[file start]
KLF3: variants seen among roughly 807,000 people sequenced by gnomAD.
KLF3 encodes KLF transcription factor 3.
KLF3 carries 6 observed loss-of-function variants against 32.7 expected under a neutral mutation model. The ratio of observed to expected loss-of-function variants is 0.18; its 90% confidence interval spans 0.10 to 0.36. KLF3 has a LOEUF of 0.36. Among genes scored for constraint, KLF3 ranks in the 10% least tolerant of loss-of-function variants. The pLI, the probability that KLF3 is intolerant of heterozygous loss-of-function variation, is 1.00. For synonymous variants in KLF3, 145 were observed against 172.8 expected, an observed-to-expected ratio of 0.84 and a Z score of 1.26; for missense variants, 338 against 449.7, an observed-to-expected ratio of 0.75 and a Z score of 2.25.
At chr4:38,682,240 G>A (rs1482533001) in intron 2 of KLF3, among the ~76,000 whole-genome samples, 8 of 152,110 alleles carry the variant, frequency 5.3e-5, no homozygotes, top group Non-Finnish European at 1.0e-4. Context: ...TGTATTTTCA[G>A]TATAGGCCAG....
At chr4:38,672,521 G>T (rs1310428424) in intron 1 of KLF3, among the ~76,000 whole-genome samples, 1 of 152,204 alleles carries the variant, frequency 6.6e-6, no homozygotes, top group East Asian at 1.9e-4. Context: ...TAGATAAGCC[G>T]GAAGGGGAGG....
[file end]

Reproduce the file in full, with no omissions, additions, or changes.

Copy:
KLF3: variants seen among roughly 807,000 people sequenced by gnomAD.
KLF3 encodes KLF transcription factor 3.
KLF3 carries 6 observed loss-of-function variants against 32.7 expected under a neutral mutation model. The ratio of observed to expected loss-of-function variants is 0.18; its 90% confidence interval spans 0.10 to 0.36. KLF3 has a LOEUF of 0.36. Among genes scored for constraint, KLF3 ranks in the 10% least tolerant of loss-of-function variants. The pLI, the probability that KLF3 is intolerant of heterozygous loss-of-function variation, is 1.00. For synonymous variants in KLF3, 145 were observed against 172.8 expected, an observed-to-expected ratio of 0.84 and a Z score of 1.26; for missense variants, 338 against 449.7, an observed-to-expected ratio of 0.75 and a Z score of 2.25.
At chr4:38,682,240 G>A (rs1482533001) in intron 2 of KLF3, among the ~76,000 whole-genome samples, 8 of 152,110 alleles carry the variant, frequency 5.3e-5, no homozygotes, top group Non-Finnish European at 1.0e-4. Context: ...TGTATTTTCA[G>A]TATAGGCCAG....
At chr4:38,672,521 G>T (rs1310428424) in intron 1 of KLF3, among the ~76,000 whole-genome samples, 1 of 152,204 alleles carries the variant, frequency 6.6e-6, no homozygotes, top group East Asian at 1.9e-4. Context: ...TAGATAAGCC[G>T]GAAGGGGAGG....